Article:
More restaurants implement reservation fees to prevent no-shows as bookings spike
Restaurants that implemented reservation fees told CNA they saw a marked drop in the number of last-minute cancellations and no-shows.
SINGAPORE: With more people dining out as the COVID-19 pandemic wanes, some restaurants now require customers to place reservation deposits or credit card holding fees to prevent no-shows or last-minute cancellations.
Ms Tan Woan Shin, who oversees marketing and public communications at Thai restaurant Un Yang Kor Dai, said the restaurant implemented a reservation credit card holding fee of S$25 to reduce the number of no-shows.
“We just want to reduce and avoid those customers that make multiple bookings on the same day but in different restaurants,” she told CNA.
Before it implemented a credit card holding fee, the restaurant had two to four no-shows a week.
“After we implemented it, the rate dropped until about every month, only one or two tables do not turn up,” said Ms Tan.
In most cases when a restaurant asks for a reservation guarantee, the customer is not actually charged the fee, said the Restaurant Association of Singapore. The credit card holds the amount, and the amount is released after the meal instead of being deducted from the bill.
Other restaurants may choose to charge an actual booking fee upfront, and the deposit is later deducted from the bill.
Grub implemented a credit card holding fee of S$50 per table for both of its outlets at Stevens Road and Junction 8 late last year.
The fee applies to groups of five and above on weekends at the Stevens Road outlet and every day at the Junction 8 outlet, which is generally busier, marketing director Amanda Phan said.
If customers cancel their reservation with less than 24 hours' notice or do not show up, they forfeit their deposit.
This has been “very helpful” to reduce no-shows, said Ms Phan, adding that more customers now call if they need to cancel the reservation instead of simply not showing up.
Restaurant company The Cicheti Group said its outlets received complaints when they first implemented a holding fee because customers thought it was a charge on their credit card.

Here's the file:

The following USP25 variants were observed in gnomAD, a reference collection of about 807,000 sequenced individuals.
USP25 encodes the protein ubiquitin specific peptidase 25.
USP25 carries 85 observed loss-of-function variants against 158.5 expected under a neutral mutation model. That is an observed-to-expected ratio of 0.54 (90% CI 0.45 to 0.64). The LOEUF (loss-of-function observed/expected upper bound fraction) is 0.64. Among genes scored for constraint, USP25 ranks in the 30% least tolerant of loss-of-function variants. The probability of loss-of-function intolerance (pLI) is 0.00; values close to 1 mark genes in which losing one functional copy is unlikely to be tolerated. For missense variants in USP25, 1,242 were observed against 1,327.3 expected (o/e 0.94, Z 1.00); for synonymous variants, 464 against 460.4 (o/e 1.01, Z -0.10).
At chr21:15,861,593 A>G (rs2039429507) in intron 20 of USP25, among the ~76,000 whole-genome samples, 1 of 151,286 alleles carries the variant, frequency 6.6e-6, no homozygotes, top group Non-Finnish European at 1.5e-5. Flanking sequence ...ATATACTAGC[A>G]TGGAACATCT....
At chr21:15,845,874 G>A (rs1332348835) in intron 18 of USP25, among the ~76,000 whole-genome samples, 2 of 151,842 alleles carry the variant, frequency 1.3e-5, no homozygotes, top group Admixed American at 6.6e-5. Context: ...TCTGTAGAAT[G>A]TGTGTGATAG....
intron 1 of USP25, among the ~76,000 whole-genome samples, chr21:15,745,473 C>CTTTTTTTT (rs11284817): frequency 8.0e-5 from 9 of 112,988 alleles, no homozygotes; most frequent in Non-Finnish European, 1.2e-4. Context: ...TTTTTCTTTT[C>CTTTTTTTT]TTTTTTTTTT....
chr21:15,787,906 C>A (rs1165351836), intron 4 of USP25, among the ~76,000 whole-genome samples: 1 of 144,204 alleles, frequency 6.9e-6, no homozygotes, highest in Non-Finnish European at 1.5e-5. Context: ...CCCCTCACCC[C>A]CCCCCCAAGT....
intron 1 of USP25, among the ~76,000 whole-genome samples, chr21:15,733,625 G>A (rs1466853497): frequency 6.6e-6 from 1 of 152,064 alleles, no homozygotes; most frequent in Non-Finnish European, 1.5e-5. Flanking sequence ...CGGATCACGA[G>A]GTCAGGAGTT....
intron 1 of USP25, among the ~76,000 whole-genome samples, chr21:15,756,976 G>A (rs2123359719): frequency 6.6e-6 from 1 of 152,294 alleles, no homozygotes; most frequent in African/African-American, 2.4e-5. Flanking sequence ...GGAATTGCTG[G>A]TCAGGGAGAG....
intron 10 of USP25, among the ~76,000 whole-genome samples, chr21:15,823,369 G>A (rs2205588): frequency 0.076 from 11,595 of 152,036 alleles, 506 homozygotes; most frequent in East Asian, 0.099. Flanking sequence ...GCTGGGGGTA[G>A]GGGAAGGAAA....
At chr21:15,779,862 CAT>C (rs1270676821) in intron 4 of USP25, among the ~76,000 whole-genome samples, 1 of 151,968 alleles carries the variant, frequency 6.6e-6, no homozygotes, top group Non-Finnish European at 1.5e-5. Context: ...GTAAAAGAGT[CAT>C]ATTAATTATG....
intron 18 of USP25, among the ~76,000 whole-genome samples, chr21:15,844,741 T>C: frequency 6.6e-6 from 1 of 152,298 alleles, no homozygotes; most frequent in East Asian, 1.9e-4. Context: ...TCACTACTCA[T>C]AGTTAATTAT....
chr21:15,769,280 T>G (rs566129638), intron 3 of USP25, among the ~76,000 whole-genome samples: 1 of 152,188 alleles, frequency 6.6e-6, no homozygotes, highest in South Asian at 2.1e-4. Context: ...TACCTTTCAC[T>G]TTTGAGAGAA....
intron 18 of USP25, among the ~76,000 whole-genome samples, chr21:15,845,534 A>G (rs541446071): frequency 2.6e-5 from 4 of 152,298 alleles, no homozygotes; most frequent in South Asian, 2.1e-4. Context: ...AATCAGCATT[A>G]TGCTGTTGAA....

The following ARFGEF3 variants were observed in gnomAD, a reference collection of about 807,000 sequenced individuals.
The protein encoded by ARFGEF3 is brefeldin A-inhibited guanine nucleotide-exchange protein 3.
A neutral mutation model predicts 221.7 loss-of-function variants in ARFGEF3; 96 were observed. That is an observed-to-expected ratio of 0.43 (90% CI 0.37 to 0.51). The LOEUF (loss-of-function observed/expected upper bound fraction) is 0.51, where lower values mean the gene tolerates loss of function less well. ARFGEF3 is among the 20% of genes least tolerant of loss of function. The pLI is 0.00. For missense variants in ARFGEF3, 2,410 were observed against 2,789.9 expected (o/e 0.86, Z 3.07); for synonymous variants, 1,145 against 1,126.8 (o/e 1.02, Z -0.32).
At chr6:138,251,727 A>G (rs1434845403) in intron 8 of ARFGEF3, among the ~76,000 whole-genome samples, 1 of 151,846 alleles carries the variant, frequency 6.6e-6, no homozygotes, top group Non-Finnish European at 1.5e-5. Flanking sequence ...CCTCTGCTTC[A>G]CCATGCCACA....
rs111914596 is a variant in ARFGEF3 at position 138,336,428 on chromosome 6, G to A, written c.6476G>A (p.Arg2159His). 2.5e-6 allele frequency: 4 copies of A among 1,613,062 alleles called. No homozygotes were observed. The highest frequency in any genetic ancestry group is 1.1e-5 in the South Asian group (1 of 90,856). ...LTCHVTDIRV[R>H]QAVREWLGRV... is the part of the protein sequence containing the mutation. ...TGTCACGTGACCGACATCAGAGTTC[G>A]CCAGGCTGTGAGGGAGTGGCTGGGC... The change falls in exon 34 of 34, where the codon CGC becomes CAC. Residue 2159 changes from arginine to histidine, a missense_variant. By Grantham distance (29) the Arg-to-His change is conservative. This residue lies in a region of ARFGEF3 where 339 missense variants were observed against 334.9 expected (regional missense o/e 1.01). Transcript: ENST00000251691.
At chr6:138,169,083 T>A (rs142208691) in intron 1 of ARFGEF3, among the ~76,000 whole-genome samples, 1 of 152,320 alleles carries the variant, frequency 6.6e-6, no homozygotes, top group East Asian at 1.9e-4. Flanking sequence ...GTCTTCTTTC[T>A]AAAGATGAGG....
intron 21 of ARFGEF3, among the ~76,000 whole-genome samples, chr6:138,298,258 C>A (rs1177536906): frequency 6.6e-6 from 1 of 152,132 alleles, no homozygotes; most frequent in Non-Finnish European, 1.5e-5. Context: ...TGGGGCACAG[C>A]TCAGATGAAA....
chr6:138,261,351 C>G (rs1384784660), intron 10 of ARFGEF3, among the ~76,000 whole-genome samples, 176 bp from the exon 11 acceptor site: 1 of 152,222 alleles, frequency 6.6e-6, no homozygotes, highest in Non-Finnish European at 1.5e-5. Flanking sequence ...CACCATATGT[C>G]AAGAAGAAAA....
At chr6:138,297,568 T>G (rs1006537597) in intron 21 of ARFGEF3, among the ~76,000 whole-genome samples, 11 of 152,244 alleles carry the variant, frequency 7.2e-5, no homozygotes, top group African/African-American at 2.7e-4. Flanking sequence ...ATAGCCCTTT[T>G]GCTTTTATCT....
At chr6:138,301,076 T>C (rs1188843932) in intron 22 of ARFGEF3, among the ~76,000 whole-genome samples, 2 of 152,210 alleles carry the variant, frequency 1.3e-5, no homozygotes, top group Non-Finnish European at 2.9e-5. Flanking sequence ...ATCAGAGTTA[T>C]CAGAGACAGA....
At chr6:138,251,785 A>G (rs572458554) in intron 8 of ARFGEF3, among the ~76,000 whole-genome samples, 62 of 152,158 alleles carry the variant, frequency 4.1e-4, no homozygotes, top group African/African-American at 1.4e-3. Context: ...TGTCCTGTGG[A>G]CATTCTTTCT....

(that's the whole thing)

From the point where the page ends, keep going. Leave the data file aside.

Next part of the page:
"This reservation credit card hold is not a charge at all," said managing partner Ronald Kamiyama. "Their bank will put it there and hold it, but we don't receive that money at all unless we go ahead into our system and charge for it."
IMPACT OF THE PANDEMIC
Since the pandemic, more customers make reservations instead of walking in, restaurants told CNA. This is especially so for bigger groups, as safe-distancing measures had made it more difficult to get tables.
But some diners make bookings at multiple restaurants on the same day, and only decide on the day itself where they want to go, resulting in no-shows or last-minute cancellations, said restaurant owners and managers.
The Cicheti Group, known for its casual dining Italian restaurants, implemented a credit card holding fee about six months after the pandemic started, said Mr Kamiyama.
"We were never planning to do so in the past. We did notice that even before COVID, people would book on a weekend or whichever day and then they wouldn't show up. Depending on the outlet, it was okay, it wasn't a big deal for us because we did take some walk-ins from the outside.
"When COVID started, it became really bad because we relied on reservations. Not many people were walking around to walk into our restaurants."
Before the holding fee, some of the group's outlets saw about 10 no-shows each weekend, said Mr Kamiyama.
"When people don't show up we give them a call. But (they) were also not responding to calls or not getting back to us," he said, adding that they would wait for the guests thinking that they were late, and deny walk-in guests the table.
"Ultimately, we would lose the table completely because of that."
The group currently requires reservation holds of S$20 to S$40 per person, depending on the outlet. A busier outlet, like Cicheti along Kandahar Street, which sees more walk-in customers, would have a lower reservation hold fee.
"It's just a matter of communication, right? It really doesn't take much to pick up a phone and call an outlet if you're not coming. It's okay if people cancel, but at least let us know so that we can give the table to somebody else," said Mr Kamiyama.
Grub saw more reservations throughout the pandemic, and as a result, there were more no-shows even though staff called customers the day before their reservation to confirm their attendance, said Ms Phan.
“For now, people make the reservation, then if they don’t want to come, at least they will tell us … Sometimes people say I got COVID or my friend got COVID, we generally don’t take the deposit.
“Even if you inform us a few hours before, it helps a lot. Then we just release the table for walk-ins to come in.”